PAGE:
Notebook: Jeremy Maclin bouncing back from injury

KANSAS CITY, Mo. — The 19-17 loss to the Tennessee Titans stings, but the re-emergence of wide receiver Jeremy Maclin as a key cog in the Kansas City Chiefs offense must certainly ease the burden for coach Andy Reid.

Kansas City Chiefs wide receiver Jeremy Maclin makes a reception during the team's 19-17 loss to the Tennessee Titans at Arrowhead Stadium Dec. 18, 2016. (Photo courtesy Chiefs PR, Chiefs.com)

Kansas City Chiefs wide receiver Jeremy Maclin makes a reception during the team’s 19-17 loss to the Tennessee Titans at Arrowhead Stadium Dec. 18, 2016. (Photo courtesy Chiefs PR, Chiefs.com)

“I think he had a pretty good day,” Reid said. “There’s always a few pluses in a bad result. I thought he did okay.”

Maclin hauled in six catches on eight targets for 82 yard. That matches his season-best for catches and establishes a new high-watermark for yards on the season

The eighth-year veteran missed all but one series over five games with a groin injury, but his struggles began earlier in the season. Maclin caught 30 passes for 376 yards through the first seven games of the season. Those mark the worst per game averages since his rookie season.

Maclin said he felt good against Tennessee.

“I was able to make some plays down the field a little bit today but it wasn’t enough though,” Maclin said. “But I feel pretty good.”

The most encouraging numbers from Maclin’s stat line against the Titans may be his efficiency. Maclin caught six passes on eight targets, posting a catch rate of 75 percent. Maclin averaged a career-low 52.5 percent catch rate entering Sunday’s game.

The veteran also showed the leadership after the game the Chiefs need for a playoff run.

“Everything we want is still right there ahead of us,” Maclin said. “We just need to go out, get back to the film room, get back to practice, correct our mistakes and learn from them.”

A “WAKE-UP CALL”

The Chiefs locker room stood eerily quiet following the game, with players coming to grips with losing a game they thought they had won.

“It sucks,” tight end Travis Kelce describe succinctly. “This one sucks.”

Linebacker Ramik Wilson said the team needs to find a path forward from the loss.

“This was a big wake-up call,” Wilson said. “We’ve got to learn to finish. When we have momentum, we have to finish.”

Linebacker Dee Ford said the team knew to expect a tough battle with the Titans.

“We knew we couldn’t sleep on anybody coming into this game,” Ford said. “They just made more plays than we did.”

Reid told his team after the game it’s still in a good position.

“You can sit here and point fingers, you can do all that stuff that bad teams do, or you fix the problems,” Reid said. “We’ve got to make sure we do that.”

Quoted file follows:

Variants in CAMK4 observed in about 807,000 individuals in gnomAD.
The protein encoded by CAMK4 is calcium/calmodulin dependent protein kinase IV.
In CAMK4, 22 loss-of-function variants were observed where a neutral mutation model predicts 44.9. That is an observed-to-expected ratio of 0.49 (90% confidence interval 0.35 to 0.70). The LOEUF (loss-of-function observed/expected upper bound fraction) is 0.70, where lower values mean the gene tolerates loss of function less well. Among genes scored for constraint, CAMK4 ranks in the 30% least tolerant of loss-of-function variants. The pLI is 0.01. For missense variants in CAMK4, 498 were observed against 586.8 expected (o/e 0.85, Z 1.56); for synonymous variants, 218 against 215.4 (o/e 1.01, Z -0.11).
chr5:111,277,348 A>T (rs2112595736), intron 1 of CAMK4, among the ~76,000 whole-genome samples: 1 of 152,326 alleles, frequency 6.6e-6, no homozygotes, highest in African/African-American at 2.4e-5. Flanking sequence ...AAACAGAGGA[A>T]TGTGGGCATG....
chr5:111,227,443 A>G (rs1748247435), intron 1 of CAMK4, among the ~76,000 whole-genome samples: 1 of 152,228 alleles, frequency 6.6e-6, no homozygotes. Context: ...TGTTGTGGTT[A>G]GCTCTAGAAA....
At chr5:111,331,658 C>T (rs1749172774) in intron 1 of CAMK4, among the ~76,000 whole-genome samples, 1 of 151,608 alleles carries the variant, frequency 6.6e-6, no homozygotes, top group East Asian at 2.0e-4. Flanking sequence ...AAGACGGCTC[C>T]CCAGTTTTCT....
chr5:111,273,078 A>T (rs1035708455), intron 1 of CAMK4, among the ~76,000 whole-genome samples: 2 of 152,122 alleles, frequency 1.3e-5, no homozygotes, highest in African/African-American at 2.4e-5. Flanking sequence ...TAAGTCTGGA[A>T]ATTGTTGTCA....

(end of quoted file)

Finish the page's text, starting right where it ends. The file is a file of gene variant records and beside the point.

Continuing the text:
RED ZONE INTERCEPTION

Among the many plays that could have reversed the result of the game, Alex Smith’s end zone interception looms large.

The Chiefs faced a third-and-7 from the Titans 7-yard line with 6 minutes, 8 seconds remaining in the third quarter. Smith fired a pass toward Maclin in the back of the end zone. Cornerback LeShaun Sims jumped the route for the interception, killing a potential scoring drive.

Smith shouldered the responsibility for a poor decision and throw.

“I felt like Maclin had the one-on-one,” Smith said. “Just throw it late and forcing it. That’s one of those ones, if you throw you have to throw early before the guy turns his head around.”

Maclin said Sims guessed right.

“Down there he gambled, he guessed right and jumped inside,” Maclin said. “It was a route that’s locked, so kudos to him.”

NO CHALLENGE

Reid held his red challenge flag and appeared ready to throw it following a goal-line run to the pylon by De’Anthony Thomas. The officials ruled Thomas out just shy of the end zone, but replays suggested Thomas may have broken the plane of the end zone before stepping out of bounds.

Reid said the coaches upstairs told him the ball didn’t cross the goal line.

“That’s the way we saw it,” Reid said. “Normally what they would do is call it a touchdown and then review it. The guys upstairs told me it didn’t cross, so that’s where I went with it.”

The run setup up third-and-goal for the Chiefs. The team failed to score on two runs up the middle by Spencer Ware, and turned the ball over on downs.

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Matt Derrick is the lead beat writer for ChiefsDigest.com and the Topeka Capital-Journal. Use the contact page to reach him or find him on Twitter: @MattDerrick.


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